A WHOLE OF LIFE CYCLE HUMAN FACTORS APPROACH
An important feature of the research programme was the use of human factors analysis and design approaches throughout the rail level crossing design life cycle. The majority of the research focussed on the early aspects of the life cycle; that is, methods such as Cognitive Work Analysis (CWA) and Hierarchical Task Analysis (HTA) were used to analyse existing rail level crossing environments (Chapter 5), to inform the design of new rail level crossing environments (Chapter 6) and to assess and refine the resulting rail level crossing design concepts (Chapters 7 and 8). Importantly, within these activities, issues across the system life cycle (i.e. implementation, maintenance, upgrades, decommissioning) were considered. As one example, engagement with stakeholders during design refinement activities enabled the information to be gathered regarding maintenance costs and concerns in relation to new rail level crossing technologies and infrastructure.
This whole of life cycle human factors approach is something that is often urged in system design, but is not often achieved (Stanton et al. 2013b). As many issues emerge from unexpected interactions at the boundary between people and systems, the need to engage in an iterative design-test-redesign process is paramount. This research programme has demonstrated how this can be achieved with approaches such as CWA.
As discussed earlier, an increasing number of researchers are arguing for a systems approach to be taken when attempting to improve transportation safety (Cornelissen et al. 2015, Larsson et al. 2010, McClure et al. 2015, Salmon et al. 2012b, Salmon and Lenne 2015). As research in the transportation domain has predominantly adopted an engineering-based approach, it is important to clarify the contribution of human factors and systems thinking approaches over and above the engineering approach to facilitate further systems thinking applications.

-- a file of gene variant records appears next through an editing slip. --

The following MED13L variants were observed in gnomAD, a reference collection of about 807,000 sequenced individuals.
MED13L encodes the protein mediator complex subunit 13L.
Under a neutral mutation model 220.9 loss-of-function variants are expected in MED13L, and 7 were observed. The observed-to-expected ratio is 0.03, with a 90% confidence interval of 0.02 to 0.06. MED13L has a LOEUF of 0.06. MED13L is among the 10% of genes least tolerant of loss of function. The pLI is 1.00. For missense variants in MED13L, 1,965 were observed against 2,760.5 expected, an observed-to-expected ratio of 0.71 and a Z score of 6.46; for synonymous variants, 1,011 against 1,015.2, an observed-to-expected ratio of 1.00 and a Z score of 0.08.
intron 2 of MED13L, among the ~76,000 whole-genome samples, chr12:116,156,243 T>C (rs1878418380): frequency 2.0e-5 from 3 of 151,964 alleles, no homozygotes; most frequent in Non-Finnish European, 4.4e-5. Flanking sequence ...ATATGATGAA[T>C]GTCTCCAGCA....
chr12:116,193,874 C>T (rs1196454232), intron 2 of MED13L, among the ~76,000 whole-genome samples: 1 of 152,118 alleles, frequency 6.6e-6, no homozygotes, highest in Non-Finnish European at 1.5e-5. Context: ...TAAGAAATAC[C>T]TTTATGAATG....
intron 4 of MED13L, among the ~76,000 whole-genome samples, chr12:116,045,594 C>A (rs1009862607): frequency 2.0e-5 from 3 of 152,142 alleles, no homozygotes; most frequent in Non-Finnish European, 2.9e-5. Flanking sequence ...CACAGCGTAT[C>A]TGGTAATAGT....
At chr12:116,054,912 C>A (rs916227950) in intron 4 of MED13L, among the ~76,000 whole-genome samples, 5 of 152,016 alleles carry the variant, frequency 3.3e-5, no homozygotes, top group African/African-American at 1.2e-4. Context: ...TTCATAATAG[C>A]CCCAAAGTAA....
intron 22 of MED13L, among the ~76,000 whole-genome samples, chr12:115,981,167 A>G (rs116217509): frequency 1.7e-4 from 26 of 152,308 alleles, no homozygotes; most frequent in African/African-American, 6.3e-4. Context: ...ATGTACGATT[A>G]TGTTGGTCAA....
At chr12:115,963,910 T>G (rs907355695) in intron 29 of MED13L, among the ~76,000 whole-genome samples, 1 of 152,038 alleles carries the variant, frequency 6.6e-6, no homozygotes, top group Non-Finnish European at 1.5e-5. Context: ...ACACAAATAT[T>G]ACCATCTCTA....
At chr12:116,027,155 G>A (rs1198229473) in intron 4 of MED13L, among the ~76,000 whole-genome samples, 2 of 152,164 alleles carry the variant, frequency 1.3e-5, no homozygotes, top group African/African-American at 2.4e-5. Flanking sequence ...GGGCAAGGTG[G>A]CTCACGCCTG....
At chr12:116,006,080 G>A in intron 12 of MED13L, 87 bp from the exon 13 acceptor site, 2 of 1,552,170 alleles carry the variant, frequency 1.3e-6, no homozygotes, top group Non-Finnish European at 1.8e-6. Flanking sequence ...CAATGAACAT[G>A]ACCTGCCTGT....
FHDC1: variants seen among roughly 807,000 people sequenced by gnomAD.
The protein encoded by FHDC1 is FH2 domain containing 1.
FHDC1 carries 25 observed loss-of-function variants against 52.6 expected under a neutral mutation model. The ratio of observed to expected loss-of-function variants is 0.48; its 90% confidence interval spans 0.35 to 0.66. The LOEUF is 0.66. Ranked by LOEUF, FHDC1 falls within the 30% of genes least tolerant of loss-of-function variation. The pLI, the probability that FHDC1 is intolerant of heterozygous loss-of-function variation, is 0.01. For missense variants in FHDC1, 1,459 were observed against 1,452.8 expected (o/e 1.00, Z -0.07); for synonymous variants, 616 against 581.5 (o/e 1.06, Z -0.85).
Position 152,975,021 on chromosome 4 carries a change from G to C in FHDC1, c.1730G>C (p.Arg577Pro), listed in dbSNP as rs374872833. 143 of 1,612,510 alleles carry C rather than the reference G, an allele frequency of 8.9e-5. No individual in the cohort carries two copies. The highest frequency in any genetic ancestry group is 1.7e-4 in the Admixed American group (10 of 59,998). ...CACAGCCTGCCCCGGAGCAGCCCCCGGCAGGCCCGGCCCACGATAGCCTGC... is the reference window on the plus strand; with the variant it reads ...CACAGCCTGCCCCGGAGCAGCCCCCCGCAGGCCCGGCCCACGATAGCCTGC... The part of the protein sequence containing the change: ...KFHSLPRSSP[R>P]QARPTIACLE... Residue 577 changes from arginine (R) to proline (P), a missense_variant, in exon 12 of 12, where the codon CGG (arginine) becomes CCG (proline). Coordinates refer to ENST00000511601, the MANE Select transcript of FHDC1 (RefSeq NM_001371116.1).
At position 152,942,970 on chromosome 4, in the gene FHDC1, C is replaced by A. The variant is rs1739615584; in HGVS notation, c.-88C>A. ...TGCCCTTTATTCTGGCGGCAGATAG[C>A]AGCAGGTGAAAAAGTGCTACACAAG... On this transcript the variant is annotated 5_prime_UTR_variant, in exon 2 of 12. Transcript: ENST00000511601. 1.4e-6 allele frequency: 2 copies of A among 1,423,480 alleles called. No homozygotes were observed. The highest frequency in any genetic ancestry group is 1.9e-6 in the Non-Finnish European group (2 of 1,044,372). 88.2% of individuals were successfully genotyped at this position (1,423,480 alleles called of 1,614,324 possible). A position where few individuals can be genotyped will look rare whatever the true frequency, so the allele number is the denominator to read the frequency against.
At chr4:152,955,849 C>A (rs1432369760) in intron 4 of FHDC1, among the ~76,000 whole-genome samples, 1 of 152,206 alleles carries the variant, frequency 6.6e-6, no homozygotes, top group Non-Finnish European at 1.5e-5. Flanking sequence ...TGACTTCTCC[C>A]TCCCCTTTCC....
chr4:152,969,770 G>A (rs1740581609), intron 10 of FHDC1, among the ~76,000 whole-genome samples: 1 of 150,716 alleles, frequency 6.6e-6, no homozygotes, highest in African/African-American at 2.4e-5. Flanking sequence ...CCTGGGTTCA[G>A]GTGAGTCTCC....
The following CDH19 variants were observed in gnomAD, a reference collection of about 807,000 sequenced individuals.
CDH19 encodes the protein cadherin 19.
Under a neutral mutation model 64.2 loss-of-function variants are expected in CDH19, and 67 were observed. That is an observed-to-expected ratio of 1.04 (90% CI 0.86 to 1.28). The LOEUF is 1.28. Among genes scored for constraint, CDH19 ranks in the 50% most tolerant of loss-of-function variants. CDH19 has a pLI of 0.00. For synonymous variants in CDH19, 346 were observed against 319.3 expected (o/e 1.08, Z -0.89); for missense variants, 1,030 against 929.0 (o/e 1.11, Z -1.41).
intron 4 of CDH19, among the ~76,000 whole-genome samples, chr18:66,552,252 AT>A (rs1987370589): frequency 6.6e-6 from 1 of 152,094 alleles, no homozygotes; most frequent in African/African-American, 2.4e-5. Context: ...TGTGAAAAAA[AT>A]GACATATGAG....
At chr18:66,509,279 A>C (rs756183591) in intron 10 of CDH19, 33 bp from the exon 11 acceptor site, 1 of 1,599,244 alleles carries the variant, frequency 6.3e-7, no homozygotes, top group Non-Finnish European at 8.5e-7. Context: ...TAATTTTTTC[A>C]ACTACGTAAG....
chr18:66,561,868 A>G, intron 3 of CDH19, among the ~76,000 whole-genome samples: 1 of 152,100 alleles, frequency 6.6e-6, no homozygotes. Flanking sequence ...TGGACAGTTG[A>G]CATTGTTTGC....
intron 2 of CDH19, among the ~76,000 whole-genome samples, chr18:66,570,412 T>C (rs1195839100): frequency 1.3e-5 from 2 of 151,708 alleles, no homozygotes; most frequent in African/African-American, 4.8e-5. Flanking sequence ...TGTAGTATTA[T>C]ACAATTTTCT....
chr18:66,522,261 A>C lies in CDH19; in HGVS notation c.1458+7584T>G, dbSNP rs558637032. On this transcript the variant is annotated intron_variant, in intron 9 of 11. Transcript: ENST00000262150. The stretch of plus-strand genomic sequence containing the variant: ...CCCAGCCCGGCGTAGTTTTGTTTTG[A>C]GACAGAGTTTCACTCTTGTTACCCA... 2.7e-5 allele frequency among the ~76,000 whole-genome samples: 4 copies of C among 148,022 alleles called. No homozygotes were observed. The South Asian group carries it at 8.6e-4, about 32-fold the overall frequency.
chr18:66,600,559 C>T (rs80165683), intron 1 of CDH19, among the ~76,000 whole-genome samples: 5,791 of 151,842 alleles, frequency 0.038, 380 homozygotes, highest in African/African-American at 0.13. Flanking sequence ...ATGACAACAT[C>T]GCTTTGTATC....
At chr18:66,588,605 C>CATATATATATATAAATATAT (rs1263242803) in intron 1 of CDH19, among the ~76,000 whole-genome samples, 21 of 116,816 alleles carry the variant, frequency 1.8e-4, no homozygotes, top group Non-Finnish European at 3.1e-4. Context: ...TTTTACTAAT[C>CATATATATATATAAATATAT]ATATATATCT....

In applying the whole of life cycle approach, the current research programme demonstrated the benefits of applying systems thinking approaches to the analysis and design of level crossing systems. By collecting comprehensive data regarding the behaviour of different users and integrating these data within appropriate systems analysis frameworks, a rich and detailed description of rail level crossing system behaviour was produced. This considered multiple forms of users, along with various systemic factors that influence behaviour. Notably, these factors included those related to multiple stakeholders: from road users, rail level crossing designers, road and rail operators, to government and the community at large. A major strength of the approach is that it promotes consideration of not only the physical environment of the crossing but also the wider environment within which rail level crossings are designed, operated, maintained and upgraded. As such, recommendations arising from the research addressed changes at higher levels of the system (e.g. risk assessment processes, incident reporting systems, design standards and guidelines) in addition to changes to the design of rail level crossing environments (e.g. warnings, signage). The breadth of the analyses conducted throughout the research programme is such that they could also inform other reforms designed to increase the reliability, efficiency and usability of rail level crossings.
Another notable strength of the approach adopted is the range of human factors concepts considered. Through applying in-depth analysis methods such as CWA, HTA and Systematic Human Error Reduction and Prediction Approach, various aspects of behaviour were considered, including decision-making, situation awareness, errors and constraints. This aspect of systems analysis methods offers a significant advantage over methodologies that focus explicitly on individual concepts (e.g. human error) in isolation.
Finally, the formative component of the analysis and design approach is worth mentioning. This enabled analysts to explore how activity within the system could be undertaken given design modifications, which in turn supported the identification of important design insights. Using standard normative or descriptive analysis approaches would not have facilitated this.
Some pertinent weaknesses of the approach should also be noted. The analysis and design process adopted incurred a significant level of resource usage, with the overall programme of research taking 5 years to complete. This could be improved through the introduction of dedicated software support for some of the analysis methods (e.g. the strategies analysis diagram) and the use of automated data collection and analysis techniques (e.g. auto-transcription). Overall, however, the utility of the outputs produced in this case justify the high level of resources invested.